Hens, B. et al. “Development of fixed dose combination products” workshop report: considerations of gastrointestinal physiology and overall development strategy. AAPS J. 21, 1–16 (2019).

    Article  Google Scholar 

  7. 7.

    Bunally, S. & Young, R. J. The role and impact of high throughput biomimetic measurements in drug discovery. ADMET DMPK 6, 74–84 (2018).

    Article  Google Scholar 

  8. 8.

    Joseph, K. S. & Hage, D. S. Characterization of the binding of sulfonylurea drugs to HSA by high-performance affinity chromatography. J. Chromatogr. B Anal. Technol. Biomed. Life Sci. 878, 1590–1598 (2010).

    CAS  Article  Google Scholar 

  9. 9.

    Anguizola, J., Bi, C., Koke, M., Jackson, A. & Hage, D. S. On-column entrapment of alpha1-acid glycoprotein for studies of drug-protein binding by high-performance affinity chromatography. Anal. Bioanal. Chem. 408, 5745–5756 (2016).

    CAS  Article  Google Scholar 

  10. 10.

    Hage, D. S. High-performance affinity chromatography: a powerful tool for studying serum protein binding. J. Chromatogr. B Anal. Technol. Biomed. Life Sci. 768, 3–30 (2002).

    CAS  Article  Google Scholar 

  11. 11.

    Patel, K. M., Patel, C. N., Panigrahi, B., Parikh, A. S. & Patel, H. N. Development and validation of spectrophotometric methods for the estimation of mesalamine in tablet dosage forms. J. Young Pharm. 2, 284–288 (2010).

    CAS  Article  Google Scholar 

  12. 12.

    Lebiedzińska, A., Da̧browska, M., Szefer, P. & Marszałł, M. High-performance liquid chromatography method for the determination of folic acid in fortified food products. Toxicol. Mech. Methods 18, 463–467 (2008).

    Article  Google Scholar 

  13. 13.

    Rafael, J. A. et al. Validation of HPLC, DPPH• and nitrosation methods for mesalamine determination in pharmaceutical dosage forms. Rev. Bras. Ciencias Farm. J. Pharm. Sci. 43, 97–103 (2007).

    CAS  Article  Google Scholar 

  14. 14.

    Sahoo, N. K., Sahu, M., Srinivasa Rao, P. & Ghosh, G. Validation of stability indicating RP-HPLC method for the estimation of mesalamine in bulk and tablet dosage form. Pharm. Methods 4, 56–61 (2013).

    Article  Google Scholar 

  15. 15.

    Elmasry, M. S. et al. Quantitative HPLC analysis of mebeverine, mesalazine, sulphasalazine and dispersible aspirin stored in a Venalink monitored dosage system with co-prescribed medicines. J. Pharm. Biomed. Anal. 54, 646–652 (2011).

    CAS  Article  Google Scholar 

  16. 16.

    Nigović, B. & Šimunić, B. Determination of 5-aminosalicylic acid in pharmaceutical formulation by differential pulse voltammetry. J. Pharm. Biomed. Anal. 31, 169–174 (2003).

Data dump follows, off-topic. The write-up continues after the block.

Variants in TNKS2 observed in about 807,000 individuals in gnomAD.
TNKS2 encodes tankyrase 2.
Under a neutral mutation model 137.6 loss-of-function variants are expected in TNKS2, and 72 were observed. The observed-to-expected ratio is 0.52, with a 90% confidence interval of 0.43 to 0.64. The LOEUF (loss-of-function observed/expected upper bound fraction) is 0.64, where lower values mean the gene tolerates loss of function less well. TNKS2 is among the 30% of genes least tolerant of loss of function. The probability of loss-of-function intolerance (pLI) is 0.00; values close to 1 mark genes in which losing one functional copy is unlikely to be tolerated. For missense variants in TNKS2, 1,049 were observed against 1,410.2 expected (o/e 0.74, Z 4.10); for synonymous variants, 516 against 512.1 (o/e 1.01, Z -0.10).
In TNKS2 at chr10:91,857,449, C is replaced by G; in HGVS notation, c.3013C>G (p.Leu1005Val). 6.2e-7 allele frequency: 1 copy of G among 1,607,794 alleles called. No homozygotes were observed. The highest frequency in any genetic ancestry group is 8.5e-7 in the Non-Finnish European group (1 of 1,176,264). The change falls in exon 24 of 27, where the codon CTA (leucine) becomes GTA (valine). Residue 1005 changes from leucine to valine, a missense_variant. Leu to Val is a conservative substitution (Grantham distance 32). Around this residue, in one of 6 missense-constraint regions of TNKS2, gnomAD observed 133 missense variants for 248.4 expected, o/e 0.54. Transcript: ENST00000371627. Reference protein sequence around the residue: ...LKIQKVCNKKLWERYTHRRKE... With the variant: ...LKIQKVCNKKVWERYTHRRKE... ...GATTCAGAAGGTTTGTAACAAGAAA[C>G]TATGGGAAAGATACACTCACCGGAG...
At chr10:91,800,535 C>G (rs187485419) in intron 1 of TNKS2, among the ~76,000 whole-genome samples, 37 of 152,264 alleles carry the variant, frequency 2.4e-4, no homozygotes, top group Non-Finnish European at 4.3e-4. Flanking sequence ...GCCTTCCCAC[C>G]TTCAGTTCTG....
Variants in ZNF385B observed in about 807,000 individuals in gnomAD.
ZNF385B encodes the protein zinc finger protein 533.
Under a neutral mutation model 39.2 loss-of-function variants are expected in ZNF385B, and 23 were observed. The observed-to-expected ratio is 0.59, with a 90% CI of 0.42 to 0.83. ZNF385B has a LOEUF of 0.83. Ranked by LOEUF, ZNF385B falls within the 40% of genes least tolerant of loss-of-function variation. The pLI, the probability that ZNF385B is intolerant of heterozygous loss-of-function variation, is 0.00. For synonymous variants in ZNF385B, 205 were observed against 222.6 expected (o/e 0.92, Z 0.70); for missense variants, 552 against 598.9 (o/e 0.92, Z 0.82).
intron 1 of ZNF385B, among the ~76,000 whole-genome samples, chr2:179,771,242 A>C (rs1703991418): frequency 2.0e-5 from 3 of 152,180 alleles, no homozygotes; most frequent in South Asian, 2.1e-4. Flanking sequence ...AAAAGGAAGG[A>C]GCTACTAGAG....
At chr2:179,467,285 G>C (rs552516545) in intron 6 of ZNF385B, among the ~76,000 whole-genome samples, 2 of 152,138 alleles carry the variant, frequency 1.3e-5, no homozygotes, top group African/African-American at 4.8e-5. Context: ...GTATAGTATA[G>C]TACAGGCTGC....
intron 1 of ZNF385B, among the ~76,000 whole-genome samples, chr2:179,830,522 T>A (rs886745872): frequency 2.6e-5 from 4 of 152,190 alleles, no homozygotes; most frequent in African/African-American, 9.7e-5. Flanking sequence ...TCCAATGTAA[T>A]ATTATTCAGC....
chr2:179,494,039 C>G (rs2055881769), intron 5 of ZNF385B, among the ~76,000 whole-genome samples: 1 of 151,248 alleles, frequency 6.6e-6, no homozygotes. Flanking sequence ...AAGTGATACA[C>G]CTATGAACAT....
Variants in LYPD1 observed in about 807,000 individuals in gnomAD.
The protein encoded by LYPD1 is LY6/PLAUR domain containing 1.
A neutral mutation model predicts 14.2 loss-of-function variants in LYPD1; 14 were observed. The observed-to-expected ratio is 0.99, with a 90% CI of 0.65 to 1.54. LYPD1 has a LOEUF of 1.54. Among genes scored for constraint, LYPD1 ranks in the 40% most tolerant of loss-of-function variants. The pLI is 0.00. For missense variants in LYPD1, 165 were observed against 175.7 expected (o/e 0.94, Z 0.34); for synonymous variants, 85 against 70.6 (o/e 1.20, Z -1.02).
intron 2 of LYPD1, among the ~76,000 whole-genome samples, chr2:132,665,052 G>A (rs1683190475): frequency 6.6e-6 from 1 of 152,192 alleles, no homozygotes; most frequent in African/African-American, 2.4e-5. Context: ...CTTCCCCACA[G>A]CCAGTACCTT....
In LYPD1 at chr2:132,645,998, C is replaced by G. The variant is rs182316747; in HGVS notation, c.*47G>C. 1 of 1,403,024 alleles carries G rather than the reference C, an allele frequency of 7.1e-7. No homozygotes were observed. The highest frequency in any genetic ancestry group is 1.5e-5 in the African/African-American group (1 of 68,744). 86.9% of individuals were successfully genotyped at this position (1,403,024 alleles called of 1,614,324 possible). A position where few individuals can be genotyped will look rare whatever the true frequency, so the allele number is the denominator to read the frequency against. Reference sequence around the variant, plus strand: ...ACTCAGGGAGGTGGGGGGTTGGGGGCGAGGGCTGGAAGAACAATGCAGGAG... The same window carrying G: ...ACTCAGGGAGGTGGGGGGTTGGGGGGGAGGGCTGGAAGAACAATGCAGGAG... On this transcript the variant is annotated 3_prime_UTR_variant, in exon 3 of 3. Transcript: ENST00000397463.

Article  Google Scholar 

  17. 17.

    Ramezani, Z. & Dibaee, N. Determination of sulfasalazine in sulfasalazine tablets using silver nanoparticles. Iran. J. Pharm. Sci. 8, 127–132 (2012).

    Google Scholar 

  18. 18.

    Patelia, E. M. Estimation of Balsalazide By HPTLC-densitometry method in pharmaceutical formulation. J. Chromatogr. Sep. Tech. 04, 189 (2013).

    Google Scholar 

  19. 19.

    Nigović, B., Mornar, A., Brusač, E. & Jeličić, M.-L. Selective sensor for simultaneous determination of mesalazine and folic acid using chitosan coated carbon nanotubes functionalized with amino groups. J. Electroanal. Chem. 851, 113450 (2019).

    Article  Google Scholar 

  20. 20.

    Rowe, R. C., Sheskey, P. J. & Quinn, M. E. Handbook of Pharmaceutical Excipients (Pharmaceutical Press, London, 2009).

    Google Scholar 

  21. 21.

    Brusač, E. et al. Pharmacokinetic profiling and simultaneous determination of thiopurine immunosuppressants and folic acid by chromatographic methods. Molecules 24, 1–18 (2019).

    Article  Google Scholar 

  22. 22.

    ICH. International Conference on Harmonisation (ICH) of Technical Requirements for the Registration of Pharmaceuticals for Human Use (2005) Validation of Analytical Procedures: Text and Methodology Q2 (R1), pp 1–13 (2005).

  23. 23.

    Food and Drug Administration (FDA)—Analytical Procedures and Methods Validation for Drugs and Biologics Guidance for Industry Analytical Procedures and Methods Validation for Drugs and Biologics, Guidance for Industry (2015), pp 1–18.

  24. 24.

    Zsila, F. & Iwao, Y. The drug binding site of human α1-acid glycoprotein: insight from induced circular dichroism and electronic absorption spectra. Biochim. Biophys. Acta Gen. Subj. 1770, 797–809 (2007).